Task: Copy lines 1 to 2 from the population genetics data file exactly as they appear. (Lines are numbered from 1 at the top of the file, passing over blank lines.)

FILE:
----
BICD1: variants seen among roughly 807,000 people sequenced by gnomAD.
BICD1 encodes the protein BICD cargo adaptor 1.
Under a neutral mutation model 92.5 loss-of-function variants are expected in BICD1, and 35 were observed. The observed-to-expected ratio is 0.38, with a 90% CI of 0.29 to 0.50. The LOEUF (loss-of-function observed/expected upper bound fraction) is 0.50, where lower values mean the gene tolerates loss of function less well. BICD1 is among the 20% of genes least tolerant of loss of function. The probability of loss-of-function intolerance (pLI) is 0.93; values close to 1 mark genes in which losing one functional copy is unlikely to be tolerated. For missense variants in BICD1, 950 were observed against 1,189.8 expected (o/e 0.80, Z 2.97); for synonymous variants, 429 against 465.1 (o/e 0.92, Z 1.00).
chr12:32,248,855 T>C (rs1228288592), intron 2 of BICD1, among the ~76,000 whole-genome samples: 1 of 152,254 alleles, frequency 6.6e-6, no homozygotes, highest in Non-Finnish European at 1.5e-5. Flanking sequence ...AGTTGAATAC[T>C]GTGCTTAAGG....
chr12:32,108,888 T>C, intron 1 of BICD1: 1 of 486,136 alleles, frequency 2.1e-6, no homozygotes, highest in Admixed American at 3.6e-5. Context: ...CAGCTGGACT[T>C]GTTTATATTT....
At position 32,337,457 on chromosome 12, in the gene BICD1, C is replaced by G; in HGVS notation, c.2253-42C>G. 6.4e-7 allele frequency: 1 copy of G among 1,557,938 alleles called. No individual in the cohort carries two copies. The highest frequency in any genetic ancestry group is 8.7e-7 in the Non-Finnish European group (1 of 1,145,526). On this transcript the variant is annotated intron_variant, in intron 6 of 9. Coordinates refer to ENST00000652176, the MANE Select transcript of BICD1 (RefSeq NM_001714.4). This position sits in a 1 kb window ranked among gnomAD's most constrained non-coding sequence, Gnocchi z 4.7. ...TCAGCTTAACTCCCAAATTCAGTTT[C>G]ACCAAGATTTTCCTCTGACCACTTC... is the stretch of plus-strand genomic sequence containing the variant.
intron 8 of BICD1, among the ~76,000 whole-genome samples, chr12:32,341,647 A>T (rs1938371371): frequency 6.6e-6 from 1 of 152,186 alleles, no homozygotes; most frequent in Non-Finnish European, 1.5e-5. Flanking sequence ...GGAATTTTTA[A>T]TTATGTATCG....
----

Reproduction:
BICD1: variants seen among roughly 807,000 people sequenced by gnomAD.
BICD1 encodes the protein BICD cargo adaptor 1.